The Creative Time alum speaks with artnet News’s editor-in-chief Andrew Goldstein about the intersection of art and tech and how to add heft to art-fair programming.
Nato Thompson has a knack for putting artists and other thinkers together in a way that gets people talking. He did this to great effect during his decade at the New York nonprofit Creative Time, where he organized the annual Creative Time Summit—a freewheeling marathon of accessibly formatted art talks with a social-practice bent—and also managed such celebrated projects as Kara Walker’s giant sugar installation A Subtlety in 2014. Now, as the new artistic director of the Seattle Art Fair, Thompson has been tasked with recreating this same kind of engaging, civic-minded discussion around art, only in a city far removed from the slipstream of the in-the-know art world. And, also, within the generally antiseptic context of an art fair. It’s a challenge.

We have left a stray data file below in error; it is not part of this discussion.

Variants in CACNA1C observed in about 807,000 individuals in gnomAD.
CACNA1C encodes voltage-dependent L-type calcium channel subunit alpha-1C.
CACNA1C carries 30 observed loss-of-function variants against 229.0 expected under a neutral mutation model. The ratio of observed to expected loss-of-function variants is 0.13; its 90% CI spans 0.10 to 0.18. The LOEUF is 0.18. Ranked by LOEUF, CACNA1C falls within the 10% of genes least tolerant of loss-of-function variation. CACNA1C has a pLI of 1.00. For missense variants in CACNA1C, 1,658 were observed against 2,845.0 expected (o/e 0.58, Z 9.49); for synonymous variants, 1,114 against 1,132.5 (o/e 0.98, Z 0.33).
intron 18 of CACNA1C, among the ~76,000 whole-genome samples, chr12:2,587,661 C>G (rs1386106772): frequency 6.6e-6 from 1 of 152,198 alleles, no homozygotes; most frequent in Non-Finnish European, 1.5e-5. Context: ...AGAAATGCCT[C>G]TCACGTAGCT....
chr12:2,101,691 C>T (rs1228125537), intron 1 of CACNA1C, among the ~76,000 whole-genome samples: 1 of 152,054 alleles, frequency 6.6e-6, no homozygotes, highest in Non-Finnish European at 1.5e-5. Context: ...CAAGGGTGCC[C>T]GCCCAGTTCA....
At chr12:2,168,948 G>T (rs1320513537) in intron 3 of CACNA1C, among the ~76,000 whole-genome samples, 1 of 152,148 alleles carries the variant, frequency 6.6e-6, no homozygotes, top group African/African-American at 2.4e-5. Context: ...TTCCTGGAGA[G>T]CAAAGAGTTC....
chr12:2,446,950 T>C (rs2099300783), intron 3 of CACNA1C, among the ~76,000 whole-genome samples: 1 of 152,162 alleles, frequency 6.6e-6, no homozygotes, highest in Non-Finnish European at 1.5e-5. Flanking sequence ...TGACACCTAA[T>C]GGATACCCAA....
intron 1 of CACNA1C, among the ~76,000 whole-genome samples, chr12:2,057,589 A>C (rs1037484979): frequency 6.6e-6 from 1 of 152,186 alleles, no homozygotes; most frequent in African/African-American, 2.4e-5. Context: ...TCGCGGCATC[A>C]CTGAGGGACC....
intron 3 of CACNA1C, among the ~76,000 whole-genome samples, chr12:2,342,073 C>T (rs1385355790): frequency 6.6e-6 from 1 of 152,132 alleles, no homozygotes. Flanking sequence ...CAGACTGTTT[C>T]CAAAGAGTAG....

Thompson, luckily, is the right guy for the job—if only because the way he approaches art is less through think-y books of criticism (although he has written two, Seeing Power and Culture as a Weapon) and more as something that, when done right, can be intuitively grasped by the man or woman on the street.